“It is an ideal solution for people whose busy lives prohibit them from attending traditional face-to-face clinics, people living in remote areas, patients who are less mobile and throughout COVID-19.”
Ms Souris said Cardihab’s clinically validated platform provided an important solution to managing heart disease, the leading cause of death in Tasmania.
“Cardihab increases patient care delivery options, enables clinical professionals to deliver service efficiently and supports both patients and clinicians growing demand for proven digital health programs that are personalised, convenient and flexible,” she said.
Royal Flying Doctor Service Tasmania Chief Executive Officer John Kirwan said that Cardihab will build on the success of its Prime Mover Phase III heart/lung rehabilitation service – also supported by funding from Primary Health Tasmania under the Australian Government’s Primary Health Networks Program - and reinforce its primary health care team’s focus on evidence-based e-health.
“We measure success in many ways, such as reducing unplanned re-admissions to hospital, increased life expectancy for patients, reduced burden on paramedics and emergency departments and enabling people to continue working and contributing economically to their family and society,” Mr Kirwan said.
“But it’s mainly about an individual’s quality of life when they undertake successful rehabilitation – the reduction in stress and fear of triggering another life-threatening event and the positive path back to good health.
“Cardihab will allow our staff to assist our clients in the most remote and rural areas by creating increased access and options for those who would ignore rehab due to barriers of time, cost and distance.”
About cardiovascular disease and cardiac rehabilitation
- According to the Australian Bureau of Statistics heart disease is the leading cause of death in Tasmania;
- According to the Heart Foundation the death rate for heart disease in Tasmania is 75.3 per 100,000 people, above the national average of 65.5 deaths per 100,000 people;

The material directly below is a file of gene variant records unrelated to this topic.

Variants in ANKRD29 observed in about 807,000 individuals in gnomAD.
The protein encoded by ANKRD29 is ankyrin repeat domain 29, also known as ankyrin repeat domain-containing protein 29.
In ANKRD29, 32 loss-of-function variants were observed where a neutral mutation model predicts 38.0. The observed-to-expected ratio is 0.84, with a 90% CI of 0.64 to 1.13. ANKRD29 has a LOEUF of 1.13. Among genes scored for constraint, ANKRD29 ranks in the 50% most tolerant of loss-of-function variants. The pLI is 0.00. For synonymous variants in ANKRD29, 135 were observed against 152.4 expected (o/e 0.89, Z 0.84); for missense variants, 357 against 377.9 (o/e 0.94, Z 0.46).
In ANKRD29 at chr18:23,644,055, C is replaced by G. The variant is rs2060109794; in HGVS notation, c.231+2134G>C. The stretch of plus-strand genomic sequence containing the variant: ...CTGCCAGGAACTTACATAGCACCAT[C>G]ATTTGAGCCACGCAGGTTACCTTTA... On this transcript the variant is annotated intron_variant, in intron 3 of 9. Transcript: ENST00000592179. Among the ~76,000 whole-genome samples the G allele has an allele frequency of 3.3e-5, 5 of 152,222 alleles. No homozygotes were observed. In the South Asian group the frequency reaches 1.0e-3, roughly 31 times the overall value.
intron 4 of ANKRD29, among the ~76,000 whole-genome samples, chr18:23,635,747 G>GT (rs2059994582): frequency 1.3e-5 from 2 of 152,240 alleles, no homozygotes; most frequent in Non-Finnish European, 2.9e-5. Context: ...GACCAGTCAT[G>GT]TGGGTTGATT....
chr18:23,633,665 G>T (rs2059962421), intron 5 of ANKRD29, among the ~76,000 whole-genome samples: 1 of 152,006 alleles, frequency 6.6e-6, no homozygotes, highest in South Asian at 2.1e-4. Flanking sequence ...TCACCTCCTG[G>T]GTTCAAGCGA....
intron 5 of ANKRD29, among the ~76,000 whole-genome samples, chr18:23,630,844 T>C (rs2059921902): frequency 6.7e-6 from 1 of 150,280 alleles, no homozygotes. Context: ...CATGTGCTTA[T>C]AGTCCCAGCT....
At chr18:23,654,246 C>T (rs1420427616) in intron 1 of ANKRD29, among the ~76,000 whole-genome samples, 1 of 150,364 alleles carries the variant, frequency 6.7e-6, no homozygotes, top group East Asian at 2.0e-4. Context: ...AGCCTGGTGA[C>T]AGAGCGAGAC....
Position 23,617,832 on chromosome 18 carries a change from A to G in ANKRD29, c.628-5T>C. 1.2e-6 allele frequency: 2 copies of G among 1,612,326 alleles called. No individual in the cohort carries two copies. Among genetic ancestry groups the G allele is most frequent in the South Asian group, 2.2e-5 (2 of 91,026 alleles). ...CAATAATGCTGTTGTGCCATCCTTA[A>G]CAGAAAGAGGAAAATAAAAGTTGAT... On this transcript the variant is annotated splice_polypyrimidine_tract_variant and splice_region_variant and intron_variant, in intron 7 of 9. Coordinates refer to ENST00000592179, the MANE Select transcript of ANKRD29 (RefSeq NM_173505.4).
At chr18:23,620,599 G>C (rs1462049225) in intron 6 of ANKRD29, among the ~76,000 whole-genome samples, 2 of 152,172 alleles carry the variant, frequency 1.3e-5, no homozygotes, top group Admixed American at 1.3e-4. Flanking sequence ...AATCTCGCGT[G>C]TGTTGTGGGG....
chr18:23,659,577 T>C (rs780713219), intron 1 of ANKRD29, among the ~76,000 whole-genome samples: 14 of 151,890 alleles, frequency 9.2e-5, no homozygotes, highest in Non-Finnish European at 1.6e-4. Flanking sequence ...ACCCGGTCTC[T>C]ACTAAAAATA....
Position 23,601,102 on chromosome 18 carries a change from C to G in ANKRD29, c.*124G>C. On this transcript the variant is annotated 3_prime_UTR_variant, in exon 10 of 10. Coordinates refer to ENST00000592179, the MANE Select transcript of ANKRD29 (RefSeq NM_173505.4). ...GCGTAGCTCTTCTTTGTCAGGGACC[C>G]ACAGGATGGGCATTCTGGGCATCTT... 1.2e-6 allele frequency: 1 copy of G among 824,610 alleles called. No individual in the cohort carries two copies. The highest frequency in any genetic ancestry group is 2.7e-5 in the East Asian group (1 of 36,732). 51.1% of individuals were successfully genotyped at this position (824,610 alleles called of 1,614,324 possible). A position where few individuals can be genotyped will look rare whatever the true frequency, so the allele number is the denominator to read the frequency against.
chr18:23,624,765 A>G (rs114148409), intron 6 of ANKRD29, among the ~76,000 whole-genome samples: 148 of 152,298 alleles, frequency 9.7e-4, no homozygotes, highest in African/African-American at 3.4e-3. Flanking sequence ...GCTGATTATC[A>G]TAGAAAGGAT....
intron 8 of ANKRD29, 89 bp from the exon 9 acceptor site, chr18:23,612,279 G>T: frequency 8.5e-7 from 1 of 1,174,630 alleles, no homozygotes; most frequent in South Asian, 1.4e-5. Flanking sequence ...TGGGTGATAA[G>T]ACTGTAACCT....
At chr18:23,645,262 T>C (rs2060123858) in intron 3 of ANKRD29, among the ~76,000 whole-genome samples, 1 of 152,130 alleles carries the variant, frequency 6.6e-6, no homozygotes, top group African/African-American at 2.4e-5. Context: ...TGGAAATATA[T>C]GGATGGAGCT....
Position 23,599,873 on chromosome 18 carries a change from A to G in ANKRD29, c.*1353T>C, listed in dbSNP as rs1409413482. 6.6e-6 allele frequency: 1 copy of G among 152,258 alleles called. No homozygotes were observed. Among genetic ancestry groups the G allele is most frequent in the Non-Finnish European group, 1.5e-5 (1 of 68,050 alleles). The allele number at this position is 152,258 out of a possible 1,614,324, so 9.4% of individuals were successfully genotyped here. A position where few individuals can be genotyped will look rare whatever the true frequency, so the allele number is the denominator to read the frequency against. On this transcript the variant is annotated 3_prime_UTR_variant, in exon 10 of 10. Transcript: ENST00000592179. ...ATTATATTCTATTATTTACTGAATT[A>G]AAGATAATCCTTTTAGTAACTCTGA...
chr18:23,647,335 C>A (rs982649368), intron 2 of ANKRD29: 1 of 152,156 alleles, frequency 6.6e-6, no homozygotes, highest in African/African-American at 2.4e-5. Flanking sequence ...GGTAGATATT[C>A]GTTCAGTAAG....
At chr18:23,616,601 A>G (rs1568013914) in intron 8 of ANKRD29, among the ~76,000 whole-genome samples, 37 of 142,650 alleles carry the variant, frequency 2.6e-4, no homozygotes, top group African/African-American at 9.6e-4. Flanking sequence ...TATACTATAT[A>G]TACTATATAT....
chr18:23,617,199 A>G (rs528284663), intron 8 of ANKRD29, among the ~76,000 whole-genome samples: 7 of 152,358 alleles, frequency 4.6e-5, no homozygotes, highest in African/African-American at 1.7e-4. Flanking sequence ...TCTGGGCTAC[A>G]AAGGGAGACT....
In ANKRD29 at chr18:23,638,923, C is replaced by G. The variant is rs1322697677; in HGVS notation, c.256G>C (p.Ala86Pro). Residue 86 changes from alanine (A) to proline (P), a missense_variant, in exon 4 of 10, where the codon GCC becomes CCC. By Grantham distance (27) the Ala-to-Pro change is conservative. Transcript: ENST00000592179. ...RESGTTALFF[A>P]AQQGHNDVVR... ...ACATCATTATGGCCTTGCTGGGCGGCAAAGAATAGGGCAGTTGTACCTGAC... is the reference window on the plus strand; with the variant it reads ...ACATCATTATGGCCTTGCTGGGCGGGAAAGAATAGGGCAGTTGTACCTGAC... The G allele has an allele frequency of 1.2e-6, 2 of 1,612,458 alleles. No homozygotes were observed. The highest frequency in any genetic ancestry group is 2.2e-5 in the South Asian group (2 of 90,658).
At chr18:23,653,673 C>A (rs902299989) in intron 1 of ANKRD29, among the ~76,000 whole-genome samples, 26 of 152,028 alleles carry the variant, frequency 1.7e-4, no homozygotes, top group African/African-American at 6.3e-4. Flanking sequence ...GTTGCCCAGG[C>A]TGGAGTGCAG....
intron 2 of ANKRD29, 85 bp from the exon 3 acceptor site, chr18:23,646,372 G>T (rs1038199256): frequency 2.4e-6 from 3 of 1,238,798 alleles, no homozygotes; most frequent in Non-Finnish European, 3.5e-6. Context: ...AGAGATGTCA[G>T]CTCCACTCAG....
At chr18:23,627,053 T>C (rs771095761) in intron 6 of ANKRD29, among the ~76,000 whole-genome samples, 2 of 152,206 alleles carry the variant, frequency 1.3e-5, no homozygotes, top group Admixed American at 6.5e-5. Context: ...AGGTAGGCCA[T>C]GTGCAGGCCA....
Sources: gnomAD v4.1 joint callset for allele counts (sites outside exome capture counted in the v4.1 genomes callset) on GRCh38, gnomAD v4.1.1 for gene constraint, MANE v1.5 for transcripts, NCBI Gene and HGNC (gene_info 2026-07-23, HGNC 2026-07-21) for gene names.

- According to research by the Royal Flying Doctor Service, cardiac rehabilitation services, if made available in the bush, could prevent as many as 80 per cent of premature deaths from cardiac disease. Remote Australians are 1.6 times more likely to be hospitalised for coronary heart disease than people in major cities, and 1.3 times more likely to die.
- Throughout Australia one in five emergency flights by the Royal Flying Doctor Service are for heart attack and stroke. An average of 112 patients per-week are retrieved by the RFDS from country areas for heart treatment.
- According to the Australian Bureau of Statistics cardiovascular disease remains Australia’s biggest killer, accounting for 44,000 deaths in 2017 and 1.1 million hospitalisations a year;
- The Australian Institute of Health and Welfare forecasts cardiovascular disease to remain the most expensive disease group, rising to more than $22 billion in 2032-33;
- A position paper from the Secondary Prevention and Rehabilitation Section of the European Association of Preventive Cardiology recently recognised cardiac rehabilitation as one of the most cost-effective interventions to ensure favourable patient outcomes across many cardiovascular diseases, reducing cardiovascular mortality, morbidity and disability, and increasing quality of life;
- A study in the Journal of the American College of Cardiology showed that cardiac rehabilitation achieved a 26 per cent reduction in mortality and an 18 per cent reduction in readmissions, as well as quality of life benefits.